Please Don’t Give Easy Answers to Suffering’s Mystery
What are the best reasons to reject God’s existence? One of the greatest thinkers of all time, St. Thomas Aquinas, could only conjure up two decent ones. The first is our apparent ability to explain away God through what we now call the physical sciences, and the second is the problem of evil, or suffering. If God existed and was good, why did He create a world with so much pain and suffering? Why continue to allow it? Although atheist authors are proliferating in modern times, there really aren’t any better reasons coming from them.
In the Summa Theologica, the most revered theological text of all time, Aquinas uses a method of discourse called disputatio to define and explain truths. This method first lists a number of “objections” to the truth being defined or proven, then a zinger quote that shows those objections might just be wrong, and then a focused answering (or dismembering) of the objections. In other words, he states the best opposing views in the most articulate and persuasive way, then throws a wrench in that thinking, and then uses that wrench to build out the truth. It’s tempting to want to skip to the answer, but good thinking requires thinking through a whole argument. The Summa is not just brilliant in its articulation of truth, but in its articulation of error too. Today we are often too quick to offer a solution without giving due time to the problem. Aquinas did not make that mistake.
For the “answer,” or the zinger quote to counter the problem of suffering, Aquinas quotes St. Augustine: “Since God is the highest good, He would not allow any evil to exist in His works, unless His omnipotence and goodness were such as to bring good even out of evil,” (Thomas Aquinas, ST I-II. Q2. A3). So, the only decent answer to the question of suffering is that God can draw good from it. This does not mean, however, that all of the misery in the world is now easily “grasped” in a way that lets us move on to the next problem. Suffering is one of those things that is so mysterious and powerful in its effect that it disrupts our very vision of life. If it makes up 50% of Aquinas’ possible reasons for the non-existence of God, then we should be, perhaps, more reflective and humble in explaining the “logic” of pain and suffering, especially to those in the midst of it.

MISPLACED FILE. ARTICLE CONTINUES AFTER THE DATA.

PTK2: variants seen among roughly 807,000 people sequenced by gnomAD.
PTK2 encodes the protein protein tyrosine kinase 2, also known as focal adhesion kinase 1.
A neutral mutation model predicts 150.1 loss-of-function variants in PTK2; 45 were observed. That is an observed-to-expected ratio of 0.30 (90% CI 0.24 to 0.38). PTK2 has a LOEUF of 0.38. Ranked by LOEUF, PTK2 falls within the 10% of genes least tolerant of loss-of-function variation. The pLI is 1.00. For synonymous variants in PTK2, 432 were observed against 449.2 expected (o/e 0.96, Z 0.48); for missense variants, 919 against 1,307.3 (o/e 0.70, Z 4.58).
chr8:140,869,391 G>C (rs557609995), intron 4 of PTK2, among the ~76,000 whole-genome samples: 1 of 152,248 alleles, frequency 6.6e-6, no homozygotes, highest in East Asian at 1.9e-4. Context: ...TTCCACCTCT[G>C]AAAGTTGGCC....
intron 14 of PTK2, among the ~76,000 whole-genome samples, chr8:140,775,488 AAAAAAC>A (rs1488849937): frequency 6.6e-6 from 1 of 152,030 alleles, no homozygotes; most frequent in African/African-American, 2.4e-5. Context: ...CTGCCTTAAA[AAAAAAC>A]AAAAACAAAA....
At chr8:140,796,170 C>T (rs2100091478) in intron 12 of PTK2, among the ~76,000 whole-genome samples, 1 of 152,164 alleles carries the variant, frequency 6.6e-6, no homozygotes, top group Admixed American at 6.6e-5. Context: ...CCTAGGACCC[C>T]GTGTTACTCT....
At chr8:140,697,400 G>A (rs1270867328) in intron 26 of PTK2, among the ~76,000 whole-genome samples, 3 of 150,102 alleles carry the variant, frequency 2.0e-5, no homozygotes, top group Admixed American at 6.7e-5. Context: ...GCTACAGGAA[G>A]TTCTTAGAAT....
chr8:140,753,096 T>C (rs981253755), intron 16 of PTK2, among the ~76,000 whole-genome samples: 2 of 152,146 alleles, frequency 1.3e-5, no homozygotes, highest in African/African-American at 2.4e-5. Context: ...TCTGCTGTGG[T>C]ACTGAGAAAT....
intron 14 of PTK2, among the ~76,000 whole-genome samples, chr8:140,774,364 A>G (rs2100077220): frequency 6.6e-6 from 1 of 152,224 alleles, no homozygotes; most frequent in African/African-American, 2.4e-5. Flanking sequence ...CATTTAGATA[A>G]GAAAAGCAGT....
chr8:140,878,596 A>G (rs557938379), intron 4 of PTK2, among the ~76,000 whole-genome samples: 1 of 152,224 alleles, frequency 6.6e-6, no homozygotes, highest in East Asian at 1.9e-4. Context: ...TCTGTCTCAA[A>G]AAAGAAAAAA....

This site prides itself on presenting unapologetically the truth of the Catholic Church for and through the eyes of men in the trenches of leading and fathering, but there is a danger in being prideful in our “possession” of the truth. Truth should possess us. Even armed with Aquinas, we must be careful with what we know, remembering St. Paul’s simple words: “Knowledge puffeth up…” (1 Cor. 8:1, Douay). When someone is quick to dismiss or explain the sufferings of others, it is likely an example of an individual who lacks love, experience, or both. “And if any man think he knoweth any thing, he hath not yet known as he ought to now” (v. 8:2).
The way one “ought to know” suffering, it seems, is by entering into it. After all, to know God is to know Jesus Christ, and to know Him is to know His Holy Cross. God did not answer the “problem of suffering” by giving us the answer or work-around, but by diving completely into it, and coming out. Eastern religions like Buddhism “answer” the problem of evil by denying it, saying it doesn’t exist because there is no “dualism” between good and evil, we just experience the oneness of reality in different ways. You only think you are suffering, but in true enlightenment, you would be free from it because you would know it doesn’t really exist. Shallow self-help books propose similar solutions to suffering, but with a heavier focus on positive thinking, a sort of cognitive brutality against what your senses are telling you.